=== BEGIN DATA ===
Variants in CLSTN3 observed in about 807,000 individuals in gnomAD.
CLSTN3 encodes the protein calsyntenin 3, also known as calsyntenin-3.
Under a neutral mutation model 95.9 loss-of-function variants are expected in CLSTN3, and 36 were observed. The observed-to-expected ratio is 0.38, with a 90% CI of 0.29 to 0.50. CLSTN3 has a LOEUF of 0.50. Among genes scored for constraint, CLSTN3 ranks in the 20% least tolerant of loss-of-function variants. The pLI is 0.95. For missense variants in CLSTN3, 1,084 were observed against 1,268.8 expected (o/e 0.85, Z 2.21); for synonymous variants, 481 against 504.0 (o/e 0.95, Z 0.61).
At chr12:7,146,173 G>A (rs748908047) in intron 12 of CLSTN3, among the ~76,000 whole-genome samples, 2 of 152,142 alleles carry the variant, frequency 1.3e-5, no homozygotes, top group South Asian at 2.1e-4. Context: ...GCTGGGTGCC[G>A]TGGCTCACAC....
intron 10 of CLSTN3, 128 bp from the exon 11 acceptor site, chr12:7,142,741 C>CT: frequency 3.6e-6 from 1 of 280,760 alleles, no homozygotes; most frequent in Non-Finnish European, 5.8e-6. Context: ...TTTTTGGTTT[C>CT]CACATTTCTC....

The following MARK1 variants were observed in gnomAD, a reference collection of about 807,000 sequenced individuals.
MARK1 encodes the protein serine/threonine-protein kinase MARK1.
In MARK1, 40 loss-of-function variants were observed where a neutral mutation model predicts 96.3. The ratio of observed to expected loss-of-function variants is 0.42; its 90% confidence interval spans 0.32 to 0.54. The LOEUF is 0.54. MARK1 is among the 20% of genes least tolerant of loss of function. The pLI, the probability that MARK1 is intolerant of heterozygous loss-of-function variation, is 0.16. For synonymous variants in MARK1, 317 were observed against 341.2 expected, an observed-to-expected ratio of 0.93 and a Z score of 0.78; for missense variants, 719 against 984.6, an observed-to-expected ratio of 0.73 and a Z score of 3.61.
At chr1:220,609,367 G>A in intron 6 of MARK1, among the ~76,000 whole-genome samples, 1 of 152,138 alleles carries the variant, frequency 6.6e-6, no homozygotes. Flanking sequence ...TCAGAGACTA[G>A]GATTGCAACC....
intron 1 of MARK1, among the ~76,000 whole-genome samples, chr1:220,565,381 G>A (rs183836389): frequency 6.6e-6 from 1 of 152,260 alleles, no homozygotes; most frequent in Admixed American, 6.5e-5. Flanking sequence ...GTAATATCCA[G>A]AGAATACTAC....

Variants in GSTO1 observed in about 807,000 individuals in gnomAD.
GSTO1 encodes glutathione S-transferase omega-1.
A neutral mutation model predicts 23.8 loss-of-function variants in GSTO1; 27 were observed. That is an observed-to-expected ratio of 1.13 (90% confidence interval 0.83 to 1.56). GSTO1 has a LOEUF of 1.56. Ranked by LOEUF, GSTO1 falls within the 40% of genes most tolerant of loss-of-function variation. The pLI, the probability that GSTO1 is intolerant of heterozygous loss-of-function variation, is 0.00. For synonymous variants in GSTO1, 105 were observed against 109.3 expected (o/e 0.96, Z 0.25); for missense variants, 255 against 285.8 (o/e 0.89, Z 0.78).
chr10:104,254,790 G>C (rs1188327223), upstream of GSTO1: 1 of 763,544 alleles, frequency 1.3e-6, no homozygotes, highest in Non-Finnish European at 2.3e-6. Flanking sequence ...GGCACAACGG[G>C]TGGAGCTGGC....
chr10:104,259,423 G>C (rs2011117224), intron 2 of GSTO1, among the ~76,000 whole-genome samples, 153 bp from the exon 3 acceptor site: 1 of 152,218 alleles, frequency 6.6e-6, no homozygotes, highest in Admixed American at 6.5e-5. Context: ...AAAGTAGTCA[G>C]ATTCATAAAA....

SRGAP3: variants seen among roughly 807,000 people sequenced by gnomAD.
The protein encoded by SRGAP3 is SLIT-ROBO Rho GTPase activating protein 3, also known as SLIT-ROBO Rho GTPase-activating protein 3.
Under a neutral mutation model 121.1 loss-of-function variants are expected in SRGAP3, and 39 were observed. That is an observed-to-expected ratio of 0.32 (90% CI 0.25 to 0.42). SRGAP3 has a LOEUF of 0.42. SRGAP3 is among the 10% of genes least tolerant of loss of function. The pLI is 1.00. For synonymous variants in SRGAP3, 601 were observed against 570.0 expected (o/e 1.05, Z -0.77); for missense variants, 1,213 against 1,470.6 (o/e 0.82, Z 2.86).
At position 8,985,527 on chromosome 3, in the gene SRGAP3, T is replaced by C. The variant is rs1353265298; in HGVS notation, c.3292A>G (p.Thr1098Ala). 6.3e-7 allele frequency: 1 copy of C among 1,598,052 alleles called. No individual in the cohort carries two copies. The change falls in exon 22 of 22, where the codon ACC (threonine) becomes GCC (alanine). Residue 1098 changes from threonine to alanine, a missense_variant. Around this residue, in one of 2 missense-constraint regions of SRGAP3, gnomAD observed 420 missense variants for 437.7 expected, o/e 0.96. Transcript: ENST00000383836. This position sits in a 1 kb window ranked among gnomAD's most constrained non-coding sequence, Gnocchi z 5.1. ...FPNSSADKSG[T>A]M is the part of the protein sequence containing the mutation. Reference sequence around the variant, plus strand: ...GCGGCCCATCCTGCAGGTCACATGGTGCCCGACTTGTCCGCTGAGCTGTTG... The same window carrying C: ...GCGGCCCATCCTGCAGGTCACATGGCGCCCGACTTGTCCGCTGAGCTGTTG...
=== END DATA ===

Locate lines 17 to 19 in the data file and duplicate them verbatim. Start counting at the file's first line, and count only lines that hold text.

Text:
The protein encoded by SRGAP3 is SLIT-ROBO Rho GTPase activating protein 3, also known as SLIT-ROBO Rho GTPase-activating protein 3.
Under a neutral mutation model 121.1 loss-of-function variants are expected in SRGAP3, and 39 were observed. That is an observed-to-expected ratio of 0.32 (90% CI 0.25 to 0.42). SRGAP3 has a LOEUF of 0.42. SRGAP3 is among the 10% of genes least tolerant of loss of function. The pLI is 1.00. For synonymous variants in SRGAP3, 601 were observed against 570.0 expected (o/e 1.05, Z -0.77); for missense variants, 1,213 against 1,470.6 (o/e 0.82, Z 2.86).
At position 8,985,527 on chromosome 3, in the gene SRGAP3, T is replaced by C. The variant is rs1353265298; in HGVS notation, c.3292A>G (p.Thr1098Ala). 6.3e-7 allele frequency: 1 copy of C among 1,598,052 alleles called. No individual in the cohort carries two copies. The change falls in exon 22 of 22, where the codon ACC (threonine) becomes GCC (alanine). Residue 1098 changes from threonine to alanine, a missense_variant. Around this residue, in one of 2 missense-constraint regions of SRGAP3, gnomAD observed 420 missense variants for 437.7 expected, o/e 0.96. Transcript: ENST00000383836. This position sits in a 1 kb window ranked among gnomAD's most constrained non-coding sequence, Gnocchi z 5.1. ...FPNSSADKSG[T>A]M is the part of the protein sequence containing the mutation. Reference sequence around the variant, plus strand: ...GCGGCCCATCCTGCAGGTCACATGGTGCCCGACTTGTCCGCTGAGCTGTTG... The same window carrying C: ...GCGGCCCATCCTGCAGGTCACATGGCGCCCGACTTGTCCGCTGAGCTGTTG...